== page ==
‘If a Tangent Universe occurs, it will be highly unstable, sustaining life for no longer than several weeks. Eventually it will collapse upon itself, forming a black hole within the Primary Universe capable of destroying all existence.’ – from The Philosophy of Time Travel by Roberta Sparrow (as seen on screen in Donnie Darko: The Director’s Cut, 2004).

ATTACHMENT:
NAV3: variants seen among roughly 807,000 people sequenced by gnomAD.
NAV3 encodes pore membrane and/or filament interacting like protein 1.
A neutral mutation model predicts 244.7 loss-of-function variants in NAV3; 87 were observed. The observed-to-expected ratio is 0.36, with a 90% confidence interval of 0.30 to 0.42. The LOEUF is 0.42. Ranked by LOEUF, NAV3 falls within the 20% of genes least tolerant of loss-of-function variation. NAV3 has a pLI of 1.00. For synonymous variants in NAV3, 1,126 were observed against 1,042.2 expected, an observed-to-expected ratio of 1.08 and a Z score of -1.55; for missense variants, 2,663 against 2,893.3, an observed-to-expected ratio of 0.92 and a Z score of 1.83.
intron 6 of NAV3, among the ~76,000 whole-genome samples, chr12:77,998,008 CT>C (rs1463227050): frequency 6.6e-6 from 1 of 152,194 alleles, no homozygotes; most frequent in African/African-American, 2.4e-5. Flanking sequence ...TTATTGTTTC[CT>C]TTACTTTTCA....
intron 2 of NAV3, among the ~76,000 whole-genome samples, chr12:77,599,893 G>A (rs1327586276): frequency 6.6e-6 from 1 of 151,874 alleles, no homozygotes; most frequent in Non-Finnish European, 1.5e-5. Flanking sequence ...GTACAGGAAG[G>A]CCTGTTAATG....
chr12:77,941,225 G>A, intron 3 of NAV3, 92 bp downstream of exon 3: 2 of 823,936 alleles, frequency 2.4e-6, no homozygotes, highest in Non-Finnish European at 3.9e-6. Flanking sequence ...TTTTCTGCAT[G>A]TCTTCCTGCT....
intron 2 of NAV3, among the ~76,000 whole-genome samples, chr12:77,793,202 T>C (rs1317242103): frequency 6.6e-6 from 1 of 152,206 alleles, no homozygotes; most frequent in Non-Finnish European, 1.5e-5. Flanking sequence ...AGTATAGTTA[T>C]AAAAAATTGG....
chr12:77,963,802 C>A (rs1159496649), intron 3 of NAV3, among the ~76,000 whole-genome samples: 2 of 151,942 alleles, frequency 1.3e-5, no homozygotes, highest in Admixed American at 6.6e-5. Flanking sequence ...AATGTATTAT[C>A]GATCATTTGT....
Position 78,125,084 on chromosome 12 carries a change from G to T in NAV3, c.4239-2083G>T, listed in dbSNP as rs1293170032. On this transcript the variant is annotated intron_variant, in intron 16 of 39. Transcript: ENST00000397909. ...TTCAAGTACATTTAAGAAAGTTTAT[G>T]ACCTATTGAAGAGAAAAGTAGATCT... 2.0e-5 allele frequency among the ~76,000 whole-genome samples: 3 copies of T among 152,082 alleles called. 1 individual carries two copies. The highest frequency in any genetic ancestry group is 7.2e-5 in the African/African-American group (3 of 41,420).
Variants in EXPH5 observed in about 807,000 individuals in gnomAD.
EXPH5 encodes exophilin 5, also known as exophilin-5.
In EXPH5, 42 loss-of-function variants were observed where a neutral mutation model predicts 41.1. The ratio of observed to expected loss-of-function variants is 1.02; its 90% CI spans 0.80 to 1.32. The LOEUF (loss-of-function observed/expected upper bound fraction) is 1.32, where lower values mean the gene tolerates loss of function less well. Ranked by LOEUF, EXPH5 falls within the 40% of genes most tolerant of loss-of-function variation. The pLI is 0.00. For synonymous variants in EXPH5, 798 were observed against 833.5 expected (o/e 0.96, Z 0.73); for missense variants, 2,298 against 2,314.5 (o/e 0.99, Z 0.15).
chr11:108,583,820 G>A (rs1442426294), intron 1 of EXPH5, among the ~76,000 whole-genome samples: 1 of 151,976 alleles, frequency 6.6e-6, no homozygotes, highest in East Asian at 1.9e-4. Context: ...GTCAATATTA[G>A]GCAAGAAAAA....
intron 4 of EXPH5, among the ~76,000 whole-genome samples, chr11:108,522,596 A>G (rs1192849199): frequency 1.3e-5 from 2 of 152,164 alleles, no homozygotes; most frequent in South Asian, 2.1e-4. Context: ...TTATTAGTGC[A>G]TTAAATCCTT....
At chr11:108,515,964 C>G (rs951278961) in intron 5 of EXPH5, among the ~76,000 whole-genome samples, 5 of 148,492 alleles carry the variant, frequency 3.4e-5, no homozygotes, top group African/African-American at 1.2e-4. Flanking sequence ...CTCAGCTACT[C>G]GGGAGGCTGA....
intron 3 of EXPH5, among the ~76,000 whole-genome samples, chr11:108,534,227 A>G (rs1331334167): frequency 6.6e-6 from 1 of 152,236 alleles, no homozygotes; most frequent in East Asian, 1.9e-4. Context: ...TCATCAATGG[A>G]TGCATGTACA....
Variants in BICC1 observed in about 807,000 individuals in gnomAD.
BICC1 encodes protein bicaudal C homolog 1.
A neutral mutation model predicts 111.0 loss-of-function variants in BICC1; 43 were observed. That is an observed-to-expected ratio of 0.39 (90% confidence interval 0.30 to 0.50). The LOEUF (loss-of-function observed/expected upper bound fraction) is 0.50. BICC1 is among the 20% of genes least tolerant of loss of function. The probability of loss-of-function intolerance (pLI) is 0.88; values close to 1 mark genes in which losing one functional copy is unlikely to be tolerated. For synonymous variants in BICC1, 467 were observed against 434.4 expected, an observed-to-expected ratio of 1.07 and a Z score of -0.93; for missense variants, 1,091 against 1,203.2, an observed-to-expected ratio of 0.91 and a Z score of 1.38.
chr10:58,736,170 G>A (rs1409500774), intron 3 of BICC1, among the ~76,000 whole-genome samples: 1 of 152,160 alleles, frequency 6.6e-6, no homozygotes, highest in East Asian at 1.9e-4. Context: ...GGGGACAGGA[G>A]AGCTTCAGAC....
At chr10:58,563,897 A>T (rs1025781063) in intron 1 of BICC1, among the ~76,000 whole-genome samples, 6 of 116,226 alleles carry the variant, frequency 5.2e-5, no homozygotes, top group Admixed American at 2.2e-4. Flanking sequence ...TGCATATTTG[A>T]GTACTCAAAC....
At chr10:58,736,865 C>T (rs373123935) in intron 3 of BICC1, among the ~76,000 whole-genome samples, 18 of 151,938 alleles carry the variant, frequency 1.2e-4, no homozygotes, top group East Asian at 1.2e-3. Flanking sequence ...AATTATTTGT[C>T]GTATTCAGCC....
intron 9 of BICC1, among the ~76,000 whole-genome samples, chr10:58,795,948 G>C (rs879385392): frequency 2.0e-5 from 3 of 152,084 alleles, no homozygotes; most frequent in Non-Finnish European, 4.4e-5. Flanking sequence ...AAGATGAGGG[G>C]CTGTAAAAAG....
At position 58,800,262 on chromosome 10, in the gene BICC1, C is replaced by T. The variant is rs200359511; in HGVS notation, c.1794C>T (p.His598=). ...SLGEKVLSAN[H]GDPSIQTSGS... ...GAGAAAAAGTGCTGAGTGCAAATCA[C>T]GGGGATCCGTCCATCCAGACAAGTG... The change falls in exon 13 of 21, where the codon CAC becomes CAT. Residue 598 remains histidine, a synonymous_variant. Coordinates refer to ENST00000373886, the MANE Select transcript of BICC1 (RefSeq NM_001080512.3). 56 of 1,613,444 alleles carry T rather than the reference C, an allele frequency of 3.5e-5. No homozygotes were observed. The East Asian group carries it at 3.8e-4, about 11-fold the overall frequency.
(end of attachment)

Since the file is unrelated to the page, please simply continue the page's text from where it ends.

As the debut feature by director Richard Kelly, Donnie Darko is a stunning statement of intent, depicting the last day(s) of the eponymous troubled teenager who, having narrowly escaped death by UFO (a mysterious, unclaimed jet engine that falls through his bedroom ceiling) due to his somnambulism, spends the next month being visited by an animal totem warning him about the approaching end of the world. Kelly effortlessly mixes a perfect recreation of the 1980s, through subtle direction of his young cast as well as extended cameos by notable children of the 80s – Drew Barrymore and Patrick Swayze – the well-chosen backdrop of a presidential election (many jokes in the film derive from Michael Dukakis’s claim on office) and a terrific soundtrack including well-known and lesser-known tracks from the period. Indeed, the latter aspect of the film drew comparisons with the work of Quentin Tarantino, another director renowned for creating atmosphere in his films through a well-curated soundtrack, and Kelly’s debut came second in Empire magazine’s list of ‘Greatest Independent Films’ after Tarantino’s Reservoir Dogs (1992).